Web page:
A better understanding of the biogeochemical cycling of nutrients entering Florida Bay is a key issue regarding the restoration of the Everglades. In addition to precipitation, the other major source of freshwater to Florida Bay is from Taylor Slough and the C-111 Basin in the northeast section of the Bay. While it is known that these areas deliver significant amounts of N to the Bay, a significant portion of this is in the form of dissolved organic N (DON). The sources, environmental fate and bioavailability to microorganisms of this DON are however, not known. Should this DON be readily available, any increased load as a function of restoration changes might have an impact on internal phytoplankton bloom dynamics. No significant flocculation or precipitation of DOM occurred with increase in salinity, meaning that terrestrial DOM does not get trapped in the sediments but stays in the water column where it subjected to photolysis and advective transport. Sunlight has a significant effect on the chemical characteristics of DOM. While the DOC levels did not change significantly during photo-exposure, the optical characteristics of the DOM were modified. The environmental implications of this are conflicting: photo-induced polymerization may stabilize the DOM by reducing its bioavailability while photolysis may make the DOM more labile. Overall, DON bioavailability was relatively low in this region. Even though the amount of DON loaded to the bay may be significant, the fraction of DON available for microbial cycling is much smaller. The amount of N supplied by recycling may be a significant portion of the total DIN pool. All this must be considered in context with the proposed CERP modifications to flows. As of the latest initial Comprehensive Everglades Restoration Project (CERP) update, the flows to Taylor Slough and C-111/Panhandle Basis are not predicted to change very much from base conditions. Therefore we do not expect any great increases in TN loading in this region. In contrast, the proposed flow increases to the Shark River Slough are large and may have significant effects on transport of DOM to the Southwest Florida Shelf. We believe that future efforts in DON characterization and bioavailability should be concentrated in this area.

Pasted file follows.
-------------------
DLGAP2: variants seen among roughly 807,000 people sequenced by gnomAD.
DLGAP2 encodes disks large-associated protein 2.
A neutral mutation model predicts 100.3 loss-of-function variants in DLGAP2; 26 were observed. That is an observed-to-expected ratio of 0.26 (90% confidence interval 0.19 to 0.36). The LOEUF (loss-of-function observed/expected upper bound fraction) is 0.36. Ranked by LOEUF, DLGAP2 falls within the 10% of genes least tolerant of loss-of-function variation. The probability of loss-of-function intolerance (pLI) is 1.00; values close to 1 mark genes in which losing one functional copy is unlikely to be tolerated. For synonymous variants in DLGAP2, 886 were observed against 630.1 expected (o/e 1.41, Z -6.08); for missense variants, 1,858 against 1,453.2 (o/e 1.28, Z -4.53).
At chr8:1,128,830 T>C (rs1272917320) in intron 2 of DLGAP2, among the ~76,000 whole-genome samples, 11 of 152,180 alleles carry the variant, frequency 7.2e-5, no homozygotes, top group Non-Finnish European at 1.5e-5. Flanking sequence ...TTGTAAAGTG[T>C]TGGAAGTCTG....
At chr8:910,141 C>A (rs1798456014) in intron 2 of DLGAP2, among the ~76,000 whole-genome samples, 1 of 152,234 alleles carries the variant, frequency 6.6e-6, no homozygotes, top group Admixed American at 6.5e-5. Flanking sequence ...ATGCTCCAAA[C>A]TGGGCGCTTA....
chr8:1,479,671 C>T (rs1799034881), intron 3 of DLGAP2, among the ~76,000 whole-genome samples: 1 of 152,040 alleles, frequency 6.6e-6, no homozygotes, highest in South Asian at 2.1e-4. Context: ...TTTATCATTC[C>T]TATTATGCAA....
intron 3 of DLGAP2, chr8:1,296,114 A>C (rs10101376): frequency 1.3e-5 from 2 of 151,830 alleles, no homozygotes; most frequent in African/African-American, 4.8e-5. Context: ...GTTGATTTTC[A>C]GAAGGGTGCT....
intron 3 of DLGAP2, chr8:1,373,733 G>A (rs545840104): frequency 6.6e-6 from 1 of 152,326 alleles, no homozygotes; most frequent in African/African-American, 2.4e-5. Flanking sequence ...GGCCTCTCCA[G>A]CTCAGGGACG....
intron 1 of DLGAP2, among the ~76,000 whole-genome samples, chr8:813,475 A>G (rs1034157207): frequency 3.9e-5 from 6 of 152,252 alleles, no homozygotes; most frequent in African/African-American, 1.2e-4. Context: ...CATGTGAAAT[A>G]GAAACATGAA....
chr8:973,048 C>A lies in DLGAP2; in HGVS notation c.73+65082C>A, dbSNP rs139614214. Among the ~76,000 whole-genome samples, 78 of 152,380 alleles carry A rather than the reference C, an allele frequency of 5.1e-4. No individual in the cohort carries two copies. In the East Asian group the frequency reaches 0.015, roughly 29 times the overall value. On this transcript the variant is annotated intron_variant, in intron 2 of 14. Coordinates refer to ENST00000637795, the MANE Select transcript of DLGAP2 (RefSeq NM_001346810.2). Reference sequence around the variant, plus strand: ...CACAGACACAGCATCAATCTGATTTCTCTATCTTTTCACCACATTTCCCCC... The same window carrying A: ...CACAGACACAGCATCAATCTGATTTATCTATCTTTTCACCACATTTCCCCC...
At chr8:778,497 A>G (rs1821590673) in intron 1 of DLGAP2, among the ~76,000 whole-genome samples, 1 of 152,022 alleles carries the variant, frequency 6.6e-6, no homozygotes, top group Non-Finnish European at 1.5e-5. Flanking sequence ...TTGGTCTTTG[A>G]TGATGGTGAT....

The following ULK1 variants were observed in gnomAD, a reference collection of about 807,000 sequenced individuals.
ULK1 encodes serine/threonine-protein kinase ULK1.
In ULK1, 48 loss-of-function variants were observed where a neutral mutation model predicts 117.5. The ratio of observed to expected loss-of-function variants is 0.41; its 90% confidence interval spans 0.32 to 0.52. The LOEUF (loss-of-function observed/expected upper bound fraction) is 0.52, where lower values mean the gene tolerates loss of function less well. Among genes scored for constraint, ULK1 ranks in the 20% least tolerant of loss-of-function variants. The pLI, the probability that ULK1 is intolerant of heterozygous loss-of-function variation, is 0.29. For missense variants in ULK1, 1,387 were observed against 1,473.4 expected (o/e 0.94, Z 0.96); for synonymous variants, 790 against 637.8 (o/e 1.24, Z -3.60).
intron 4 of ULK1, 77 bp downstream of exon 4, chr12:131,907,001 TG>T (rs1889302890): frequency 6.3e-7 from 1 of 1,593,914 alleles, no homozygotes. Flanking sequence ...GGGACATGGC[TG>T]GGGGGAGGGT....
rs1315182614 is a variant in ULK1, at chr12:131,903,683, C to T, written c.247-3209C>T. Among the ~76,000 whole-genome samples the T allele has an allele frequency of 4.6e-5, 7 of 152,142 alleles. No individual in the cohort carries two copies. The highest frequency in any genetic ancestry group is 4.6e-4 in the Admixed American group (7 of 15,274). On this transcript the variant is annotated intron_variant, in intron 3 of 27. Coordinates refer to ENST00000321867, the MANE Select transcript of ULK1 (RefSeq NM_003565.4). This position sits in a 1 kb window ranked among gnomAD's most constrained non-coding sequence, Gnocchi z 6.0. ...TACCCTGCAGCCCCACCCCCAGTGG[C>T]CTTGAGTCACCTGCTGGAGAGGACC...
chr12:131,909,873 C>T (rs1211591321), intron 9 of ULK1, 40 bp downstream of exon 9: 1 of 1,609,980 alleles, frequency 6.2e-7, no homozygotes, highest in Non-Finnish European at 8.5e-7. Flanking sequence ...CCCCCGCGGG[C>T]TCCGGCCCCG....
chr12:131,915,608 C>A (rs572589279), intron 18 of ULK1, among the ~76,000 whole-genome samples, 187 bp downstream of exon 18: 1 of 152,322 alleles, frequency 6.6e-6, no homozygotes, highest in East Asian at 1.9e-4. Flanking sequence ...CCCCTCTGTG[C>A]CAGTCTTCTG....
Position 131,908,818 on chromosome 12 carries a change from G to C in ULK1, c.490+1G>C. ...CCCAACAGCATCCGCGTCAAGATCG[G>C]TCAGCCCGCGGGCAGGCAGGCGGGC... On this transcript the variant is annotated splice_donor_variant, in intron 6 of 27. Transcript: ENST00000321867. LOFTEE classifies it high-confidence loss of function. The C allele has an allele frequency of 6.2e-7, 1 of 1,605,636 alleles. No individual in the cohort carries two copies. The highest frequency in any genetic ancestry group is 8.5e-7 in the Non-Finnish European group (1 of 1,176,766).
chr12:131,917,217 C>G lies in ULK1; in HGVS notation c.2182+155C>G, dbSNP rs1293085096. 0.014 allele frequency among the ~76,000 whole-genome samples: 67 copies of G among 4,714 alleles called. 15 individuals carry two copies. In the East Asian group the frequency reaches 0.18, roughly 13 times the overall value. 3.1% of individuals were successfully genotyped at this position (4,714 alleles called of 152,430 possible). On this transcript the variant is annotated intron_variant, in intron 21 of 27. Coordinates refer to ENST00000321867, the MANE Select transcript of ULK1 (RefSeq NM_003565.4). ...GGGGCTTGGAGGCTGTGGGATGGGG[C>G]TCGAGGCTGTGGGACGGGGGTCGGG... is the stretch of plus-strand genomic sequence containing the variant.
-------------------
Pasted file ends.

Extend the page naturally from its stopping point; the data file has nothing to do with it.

• Geographic Coverage